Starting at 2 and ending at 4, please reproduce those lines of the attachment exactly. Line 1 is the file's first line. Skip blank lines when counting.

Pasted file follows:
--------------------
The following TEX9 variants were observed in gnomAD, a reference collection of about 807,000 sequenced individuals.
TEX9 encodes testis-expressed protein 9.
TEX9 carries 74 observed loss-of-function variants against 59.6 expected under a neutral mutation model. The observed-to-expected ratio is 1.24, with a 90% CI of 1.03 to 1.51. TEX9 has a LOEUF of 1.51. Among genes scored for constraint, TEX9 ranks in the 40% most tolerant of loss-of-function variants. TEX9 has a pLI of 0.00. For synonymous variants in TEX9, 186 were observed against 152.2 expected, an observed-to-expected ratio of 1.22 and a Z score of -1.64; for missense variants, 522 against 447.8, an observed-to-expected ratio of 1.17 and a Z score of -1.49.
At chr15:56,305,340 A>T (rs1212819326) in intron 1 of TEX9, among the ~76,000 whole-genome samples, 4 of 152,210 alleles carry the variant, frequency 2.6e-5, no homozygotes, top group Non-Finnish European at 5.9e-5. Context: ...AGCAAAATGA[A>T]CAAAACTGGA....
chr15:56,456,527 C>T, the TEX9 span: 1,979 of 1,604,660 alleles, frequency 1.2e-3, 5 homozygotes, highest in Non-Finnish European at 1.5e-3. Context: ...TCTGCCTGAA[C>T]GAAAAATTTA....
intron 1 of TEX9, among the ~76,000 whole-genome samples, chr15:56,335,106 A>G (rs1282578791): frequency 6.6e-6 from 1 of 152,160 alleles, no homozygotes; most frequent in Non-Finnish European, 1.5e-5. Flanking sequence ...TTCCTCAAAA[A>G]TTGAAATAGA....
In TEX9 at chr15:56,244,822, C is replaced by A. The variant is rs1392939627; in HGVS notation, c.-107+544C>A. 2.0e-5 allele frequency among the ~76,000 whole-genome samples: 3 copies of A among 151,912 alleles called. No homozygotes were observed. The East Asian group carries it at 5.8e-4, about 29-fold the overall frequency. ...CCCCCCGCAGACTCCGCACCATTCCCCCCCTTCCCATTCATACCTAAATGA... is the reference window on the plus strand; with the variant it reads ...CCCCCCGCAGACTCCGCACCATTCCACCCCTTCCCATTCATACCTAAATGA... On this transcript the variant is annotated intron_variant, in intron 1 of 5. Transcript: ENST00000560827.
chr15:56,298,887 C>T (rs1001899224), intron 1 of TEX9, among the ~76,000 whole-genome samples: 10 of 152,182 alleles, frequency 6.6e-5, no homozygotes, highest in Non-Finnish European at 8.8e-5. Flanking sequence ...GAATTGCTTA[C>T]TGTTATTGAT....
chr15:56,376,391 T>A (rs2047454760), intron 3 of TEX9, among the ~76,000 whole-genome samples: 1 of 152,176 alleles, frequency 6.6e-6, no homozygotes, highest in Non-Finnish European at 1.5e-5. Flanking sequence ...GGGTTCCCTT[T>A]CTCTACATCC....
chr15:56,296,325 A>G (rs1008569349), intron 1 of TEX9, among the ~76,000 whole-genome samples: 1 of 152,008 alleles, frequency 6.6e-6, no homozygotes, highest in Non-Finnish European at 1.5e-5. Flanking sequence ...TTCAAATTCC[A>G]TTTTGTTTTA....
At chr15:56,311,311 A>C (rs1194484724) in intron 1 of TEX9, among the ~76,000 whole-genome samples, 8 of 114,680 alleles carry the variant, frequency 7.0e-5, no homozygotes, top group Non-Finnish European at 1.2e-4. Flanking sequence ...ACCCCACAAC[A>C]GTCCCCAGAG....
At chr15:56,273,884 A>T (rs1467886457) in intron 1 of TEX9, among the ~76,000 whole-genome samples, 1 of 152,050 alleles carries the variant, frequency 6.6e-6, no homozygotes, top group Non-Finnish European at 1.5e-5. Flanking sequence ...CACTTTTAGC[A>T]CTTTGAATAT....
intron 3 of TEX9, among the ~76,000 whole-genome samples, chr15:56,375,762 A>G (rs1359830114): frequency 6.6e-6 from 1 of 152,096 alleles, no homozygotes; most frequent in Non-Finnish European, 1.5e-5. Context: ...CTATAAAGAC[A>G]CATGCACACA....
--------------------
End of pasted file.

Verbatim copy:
TEX9 encodes testis-expressed protein 9.
TEX9 carries 74 observed loss-of-function variants against 59.6 expected under a neutral mutation model. The observed-to-expected ratio is 1.24, with a 90% CI of 1.03 to 1.51. TEX9 has a LOEUF of 1.51. Among genes scored for constraint, TEX9 ranks in the 40% most tolerant of loss-of-function variants. TEX9 has a pLI of 0.00. For synonymous variants in TEX9, 186 were observed against 152.2 expected, an observed-to-expected ratio of 1.22 and a Z score of -1.64; for missense variants, 522 against 447.8, an observed-to-expected ratio of 1.17 and a Z score of -1.49.
At chr15:56,305,340 A>T (rs1212819326) in intron 1 of TEX9, among the ~76,000 whole-genome samples, 4 of 152,210 alleles carry the variant, frequency 2.6e-5, no homozygotes, top group Non-Finnish European at 5.9e-5. Context: ...AGCAAAATGA[A>T]CAAAACTGGA....